AP McCoy will receive a lifetime achievement award at the prestigious BBC Sports Personality of the Year presentation evening on Sunday, December 20, 2015.
"What's the narrative?" It's a question that seems constantly to be bothering those whose job it is to promote horse racing in Britain as they search for the storyline that will lead those who enjoyed Event A to care about Event B and save the entire season from being just one damn race after another.
On Feb. 7, those public relations workers suddenly found they could put their feet up for the next three months. Tony “AP” McCoy, the most successful jump jockey there ever was after riding more than 4,000 winners, announced he would retire at some point before the summer. What was left of the jump season would inevitably become about him.
This was not just the view from inside the sport, whose devotees struggle to remember what it was like the last time someone other than McCoy was champion jump jockey, two decades ago. Those with a wider perspective also saw this as a momentous occasion.
"He is, in terms of longevity, resilience, success, popularity, humility, the greatest sportsman in Britain over the last 20 years," wrote the award-winning sports writer Sue Mott. The Daily Telegraph published its list of the 10 greatest living sportspeople in the UK and made McCoy No. 1. His credentials for that honour were "near impossible to argue against," said the accompanying blurb, describing the jockey as "unbeatable, unbreakable."
This was particularly generous of the Telegraph, which had quietly stopped using McCoy as a columnist just three months before, after an association of many years, missing out by mere weeks on the chance to scoop their rivals with an exclusive announcement of the imminent end to his career. In the event, McCoy broke that news live on Channel 4 after winning his 200th race of the season. Shortly thereafter, he was snapped up by The Times.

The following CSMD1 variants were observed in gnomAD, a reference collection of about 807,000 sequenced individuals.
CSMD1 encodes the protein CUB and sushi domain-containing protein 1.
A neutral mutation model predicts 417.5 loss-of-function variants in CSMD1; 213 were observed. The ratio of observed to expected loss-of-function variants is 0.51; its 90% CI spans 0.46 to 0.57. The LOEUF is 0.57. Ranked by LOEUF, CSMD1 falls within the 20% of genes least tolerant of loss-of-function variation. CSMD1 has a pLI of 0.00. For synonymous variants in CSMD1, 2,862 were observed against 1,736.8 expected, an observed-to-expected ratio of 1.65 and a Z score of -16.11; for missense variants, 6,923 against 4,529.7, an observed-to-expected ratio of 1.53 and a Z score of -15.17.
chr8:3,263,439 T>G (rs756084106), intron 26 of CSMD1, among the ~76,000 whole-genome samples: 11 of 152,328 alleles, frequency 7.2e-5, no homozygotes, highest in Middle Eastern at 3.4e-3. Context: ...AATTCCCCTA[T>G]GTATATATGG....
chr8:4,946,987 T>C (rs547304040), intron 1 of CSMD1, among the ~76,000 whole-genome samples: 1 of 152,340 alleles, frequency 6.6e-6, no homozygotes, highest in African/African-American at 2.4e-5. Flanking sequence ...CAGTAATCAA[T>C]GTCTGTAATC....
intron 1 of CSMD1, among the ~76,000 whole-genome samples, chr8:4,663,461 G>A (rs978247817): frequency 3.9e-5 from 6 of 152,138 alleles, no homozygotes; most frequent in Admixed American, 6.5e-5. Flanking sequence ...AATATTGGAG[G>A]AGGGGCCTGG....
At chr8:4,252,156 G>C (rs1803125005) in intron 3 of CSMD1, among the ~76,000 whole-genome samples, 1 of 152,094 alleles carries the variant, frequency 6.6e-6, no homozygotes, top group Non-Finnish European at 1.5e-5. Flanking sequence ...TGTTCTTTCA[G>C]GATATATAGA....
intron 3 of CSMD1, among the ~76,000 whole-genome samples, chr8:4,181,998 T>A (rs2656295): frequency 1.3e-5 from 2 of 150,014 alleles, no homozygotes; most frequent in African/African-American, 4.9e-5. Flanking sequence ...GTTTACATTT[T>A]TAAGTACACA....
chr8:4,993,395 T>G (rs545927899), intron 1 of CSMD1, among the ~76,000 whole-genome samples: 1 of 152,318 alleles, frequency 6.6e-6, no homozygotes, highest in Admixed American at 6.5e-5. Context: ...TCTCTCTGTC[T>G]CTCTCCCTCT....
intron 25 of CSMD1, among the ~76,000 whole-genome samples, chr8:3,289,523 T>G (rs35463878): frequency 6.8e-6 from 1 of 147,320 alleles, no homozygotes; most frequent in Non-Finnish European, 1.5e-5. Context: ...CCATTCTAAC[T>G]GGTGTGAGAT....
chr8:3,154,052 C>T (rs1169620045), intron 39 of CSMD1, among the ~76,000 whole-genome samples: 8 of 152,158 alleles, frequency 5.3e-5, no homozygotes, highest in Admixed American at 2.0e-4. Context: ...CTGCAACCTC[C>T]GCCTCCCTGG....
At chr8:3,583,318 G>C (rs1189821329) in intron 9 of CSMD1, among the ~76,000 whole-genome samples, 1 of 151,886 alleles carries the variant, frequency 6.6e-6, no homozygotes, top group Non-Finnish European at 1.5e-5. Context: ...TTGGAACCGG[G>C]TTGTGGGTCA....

But, even when he has had such commitments, McCoy has been conscientious about talking to as many media outlets as he can find time for. While he may have made himself hard to approach in his early days, he long ago accepted that a bit of talking was a fair exchange for what he got out of racing.
With that in mind, he agreed to a press conference in early March at which he would discuss his various chances at the Cheltenham Festival, the extraordinary four-day race-meeting at which Britain and Ireland's jump racing's champions are identified. This would be McCoy's final Festival and there was much speculation about whether he would be able to mark his retirement with at least one more winner there.
There is no precedent for a jump jockey agreeing to a press conference to discuss races that are more than a week away. For one thing, it is rash to assume one will be fit to take part when there are perhaps 40 rides over hurdles and fences to be undertaken before the big day. For another, even the racing media is not normally so interested in one jockey's book of mounts as to require an hour-long discussion of the subject.
But there were around 50 journalists, press and TV, in attendance when McCoy offered to talk about Cheltenham. It would have been more but for a last-minute change of date and location necessitated by a change in his riding plans.
While McCoy wants to help, all such events must bend to the demands of horseracing, reported his media agent, Claire Burns. "There's always been a lot of media attention around AP, but there's a balance that has to be struck because he's got his job to do and he has to maintain his focus," she said. "There have always been offers to do TV shows and radio appearances but if it doesn't fit in with his calendar, he doesn't do it. The racing absolutely comes first and he would never not take a ride in order to appear on TV.